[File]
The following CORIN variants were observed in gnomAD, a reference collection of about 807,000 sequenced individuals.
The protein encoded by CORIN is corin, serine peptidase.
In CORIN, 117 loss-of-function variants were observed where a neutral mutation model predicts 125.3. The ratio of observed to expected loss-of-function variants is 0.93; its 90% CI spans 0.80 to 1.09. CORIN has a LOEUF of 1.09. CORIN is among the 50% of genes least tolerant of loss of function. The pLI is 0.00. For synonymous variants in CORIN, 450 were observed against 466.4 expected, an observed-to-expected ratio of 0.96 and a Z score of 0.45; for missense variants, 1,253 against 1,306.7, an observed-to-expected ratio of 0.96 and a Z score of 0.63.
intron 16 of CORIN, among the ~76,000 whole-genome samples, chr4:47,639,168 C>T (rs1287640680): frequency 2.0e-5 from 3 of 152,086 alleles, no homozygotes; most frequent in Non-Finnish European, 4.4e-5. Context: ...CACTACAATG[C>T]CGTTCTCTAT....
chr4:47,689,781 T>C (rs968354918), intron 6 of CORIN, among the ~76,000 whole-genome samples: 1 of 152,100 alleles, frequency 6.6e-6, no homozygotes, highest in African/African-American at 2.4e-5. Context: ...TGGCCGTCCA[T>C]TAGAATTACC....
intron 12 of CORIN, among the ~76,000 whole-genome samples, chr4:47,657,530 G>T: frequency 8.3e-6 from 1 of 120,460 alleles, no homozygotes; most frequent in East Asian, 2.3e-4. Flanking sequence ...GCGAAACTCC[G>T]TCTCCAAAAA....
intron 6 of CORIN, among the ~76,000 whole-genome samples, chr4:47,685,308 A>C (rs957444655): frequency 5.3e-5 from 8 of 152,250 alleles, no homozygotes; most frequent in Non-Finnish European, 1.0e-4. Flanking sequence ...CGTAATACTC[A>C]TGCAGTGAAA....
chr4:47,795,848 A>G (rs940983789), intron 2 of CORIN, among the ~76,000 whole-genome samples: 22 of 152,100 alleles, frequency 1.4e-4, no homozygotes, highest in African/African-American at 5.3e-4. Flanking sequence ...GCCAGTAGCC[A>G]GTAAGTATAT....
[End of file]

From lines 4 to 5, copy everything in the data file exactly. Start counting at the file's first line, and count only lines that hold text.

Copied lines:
intron 16 of CORIN, among the ~76,000 whole-genome samples, chr4:47,639,168 C>T (rs1287640680): frequency 2.0e-5 from 3 of 152,086 alleles, no homozygotes; most frequent in Non-Finnish European, 4.4e-5. Context: ...CACTACAATG[C>T]CGTTCTCTAT....
chr4:47,689,781 T>C (rs968354918), intron 6 of CORIN, among the ~76,000 whole-genome samples: 1 of 152,100 alleles, frequency 6.6e-6, no homozygotes, highest in African/African-American at 2.4e-5. Context: ...TGGCCGTCCA[T>C]TAGAATTACC....